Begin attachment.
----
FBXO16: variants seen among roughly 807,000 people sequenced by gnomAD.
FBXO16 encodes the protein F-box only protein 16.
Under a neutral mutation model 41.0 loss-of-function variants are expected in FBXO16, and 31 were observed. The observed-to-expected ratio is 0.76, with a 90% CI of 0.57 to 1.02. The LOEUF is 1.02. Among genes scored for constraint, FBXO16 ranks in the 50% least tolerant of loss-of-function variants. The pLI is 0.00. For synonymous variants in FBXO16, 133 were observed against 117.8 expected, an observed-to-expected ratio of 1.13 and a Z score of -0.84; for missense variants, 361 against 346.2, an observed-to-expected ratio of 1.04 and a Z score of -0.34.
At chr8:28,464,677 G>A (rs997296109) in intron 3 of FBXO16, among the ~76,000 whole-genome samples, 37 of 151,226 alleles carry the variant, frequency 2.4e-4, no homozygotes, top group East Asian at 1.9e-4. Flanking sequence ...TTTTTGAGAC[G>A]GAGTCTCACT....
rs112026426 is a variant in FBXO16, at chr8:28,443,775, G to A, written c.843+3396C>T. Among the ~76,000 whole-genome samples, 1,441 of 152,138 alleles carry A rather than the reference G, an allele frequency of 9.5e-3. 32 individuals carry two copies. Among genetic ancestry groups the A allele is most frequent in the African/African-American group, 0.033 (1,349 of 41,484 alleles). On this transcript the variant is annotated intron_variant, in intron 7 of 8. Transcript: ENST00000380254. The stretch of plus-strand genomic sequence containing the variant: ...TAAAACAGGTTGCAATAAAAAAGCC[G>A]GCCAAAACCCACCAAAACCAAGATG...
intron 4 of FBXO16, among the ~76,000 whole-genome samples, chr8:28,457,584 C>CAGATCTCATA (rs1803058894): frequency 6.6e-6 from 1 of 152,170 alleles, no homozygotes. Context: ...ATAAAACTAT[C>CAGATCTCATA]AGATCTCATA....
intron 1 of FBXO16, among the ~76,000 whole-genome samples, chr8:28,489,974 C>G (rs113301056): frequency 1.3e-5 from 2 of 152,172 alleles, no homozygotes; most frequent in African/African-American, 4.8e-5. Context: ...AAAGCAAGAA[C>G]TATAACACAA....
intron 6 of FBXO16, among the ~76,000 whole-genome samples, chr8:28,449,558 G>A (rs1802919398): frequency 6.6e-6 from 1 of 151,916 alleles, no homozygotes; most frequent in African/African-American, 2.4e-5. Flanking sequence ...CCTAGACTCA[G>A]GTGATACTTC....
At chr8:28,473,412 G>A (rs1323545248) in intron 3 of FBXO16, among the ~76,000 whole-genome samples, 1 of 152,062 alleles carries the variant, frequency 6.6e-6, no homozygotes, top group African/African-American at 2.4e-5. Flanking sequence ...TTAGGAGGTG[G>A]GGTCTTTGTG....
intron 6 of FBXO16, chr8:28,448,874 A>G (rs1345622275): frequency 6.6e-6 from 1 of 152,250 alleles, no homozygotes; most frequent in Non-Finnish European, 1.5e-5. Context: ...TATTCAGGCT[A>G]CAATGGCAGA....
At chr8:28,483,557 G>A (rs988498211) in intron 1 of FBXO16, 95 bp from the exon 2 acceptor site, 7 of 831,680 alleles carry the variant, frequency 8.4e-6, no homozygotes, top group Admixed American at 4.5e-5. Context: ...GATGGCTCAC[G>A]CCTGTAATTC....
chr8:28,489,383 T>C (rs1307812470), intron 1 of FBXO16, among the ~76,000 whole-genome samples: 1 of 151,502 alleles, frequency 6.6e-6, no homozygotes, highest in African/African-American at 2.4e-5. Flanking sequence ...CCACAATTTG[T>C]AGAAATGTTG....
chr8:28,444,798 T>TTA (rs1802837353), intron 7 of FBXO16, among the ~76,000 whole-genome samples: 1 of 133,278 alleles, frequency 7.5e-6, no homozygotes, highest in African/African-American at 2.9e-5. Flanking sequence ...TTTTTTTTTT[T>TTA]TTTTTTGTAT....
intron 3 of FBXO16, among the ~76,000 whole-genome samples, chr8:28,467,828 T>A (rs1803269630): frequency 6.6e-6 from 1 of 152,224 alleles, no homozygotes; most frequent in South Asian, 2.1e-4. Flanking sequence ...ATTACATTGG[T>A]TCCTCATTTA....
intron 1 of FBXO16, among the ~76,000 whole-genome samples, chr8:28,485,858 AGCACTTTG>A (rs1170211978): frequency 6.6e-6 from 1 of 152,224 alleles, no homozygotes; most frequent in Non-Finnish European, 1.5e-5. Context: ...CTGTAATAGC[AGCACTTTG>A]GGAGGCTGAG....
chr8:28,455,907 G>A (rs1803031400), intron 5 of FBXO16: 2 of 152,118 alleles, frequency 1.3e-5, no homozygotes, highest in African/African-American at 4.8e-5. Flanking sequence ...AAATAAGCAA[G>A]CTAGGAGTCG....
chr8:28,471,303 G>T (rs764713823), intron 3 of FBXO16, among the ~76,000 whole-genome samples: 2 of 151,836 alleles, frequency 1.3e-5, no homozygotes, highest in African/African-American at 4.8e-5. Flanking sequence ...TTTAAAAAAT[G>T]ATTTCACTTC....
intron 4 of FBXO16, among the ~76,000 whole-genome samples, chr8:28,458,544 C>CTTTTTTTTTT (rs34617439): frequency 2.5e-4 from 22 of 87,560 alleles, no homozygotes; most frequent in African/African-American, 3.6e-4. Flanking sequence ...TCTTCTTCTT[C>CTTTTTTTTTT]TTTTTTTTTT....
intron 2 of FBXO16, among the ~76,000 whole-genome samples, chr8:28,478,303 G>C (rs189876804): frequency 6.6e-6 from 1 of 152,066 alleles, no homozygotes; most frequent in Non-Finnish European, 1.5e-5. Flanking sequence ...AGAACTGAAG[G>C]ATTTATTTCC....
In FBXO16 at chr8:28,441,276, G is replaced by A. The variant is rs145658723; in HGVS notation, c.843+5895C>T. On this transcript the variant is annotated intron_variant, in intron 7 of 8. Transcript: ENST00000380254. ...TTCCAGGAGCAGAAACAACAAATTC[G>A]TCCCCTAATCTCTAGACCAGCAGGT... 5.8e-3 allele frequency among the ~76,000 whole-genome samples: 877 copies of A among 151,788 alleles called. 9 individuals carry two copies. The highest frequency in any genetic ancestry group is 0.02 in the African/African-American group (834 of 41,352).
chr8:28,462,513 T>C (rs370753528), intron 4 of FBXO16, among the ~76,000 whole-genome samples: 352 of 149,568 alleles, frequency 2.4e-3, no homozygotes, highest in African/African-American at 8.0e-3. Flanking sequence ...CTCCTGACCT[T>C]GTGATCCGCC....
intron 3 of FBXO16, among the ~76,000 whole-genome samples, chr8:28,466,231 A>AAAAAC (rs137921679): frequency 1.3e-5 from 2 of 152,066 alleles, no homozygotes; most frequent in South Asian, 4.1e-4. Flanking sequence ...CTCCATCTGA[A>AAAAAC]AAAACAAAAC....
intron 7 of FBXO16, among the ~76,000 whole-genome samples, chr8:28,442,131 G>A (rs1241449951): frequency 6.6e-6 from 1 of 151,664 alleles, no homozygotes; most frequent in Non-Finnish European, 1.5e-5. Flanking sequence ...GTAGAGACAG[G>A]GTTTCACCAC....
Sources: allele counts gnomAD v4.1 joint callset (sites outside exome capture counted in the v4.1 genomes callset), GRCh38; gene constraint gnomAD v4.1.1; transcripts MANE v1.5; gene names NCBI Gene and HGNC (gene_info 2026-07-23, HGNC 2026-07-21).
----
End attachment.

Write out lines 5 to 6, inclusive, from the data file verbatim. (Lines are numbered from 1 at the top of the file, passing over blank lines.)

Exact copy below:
rs112026426 is a variant in FBXO16, at chr8:28,443,775, G to A, written c.843+3396C>T. Among the ~76,000 whole-genome samples, 1,441 of 152,138 alleles carry A rather than the reference G, an allele frequency of 9.5e-3. 32 individuals carry two copies. Among genetic ancestry groups the A allele is most frequent in the African/African-American group, 0.033 (1,349 of 41,484 alleles). On this transcript the variant is annotated intron_variant, in intron 7 of 8. Transcript: ENST00000380254. The stretch of plus-strand genomic sequence containing the variant: ...TAAAACAGGTTGCAATAAAAAAGCC[G>A]GCCAAAACCCACCAAAACCAAGATG...
intron 4 of FBXO16, among the ~76,000 whole-genome samples, chr8:28,457,584 C>CAGATCTCATA (rs1803058894): frequency 6.6e-6 from 1 of 152,170 alleles, no homozygotes. Context: ...ATAAAACTAT[C>CAGATCTCATA]AGATCTCATA....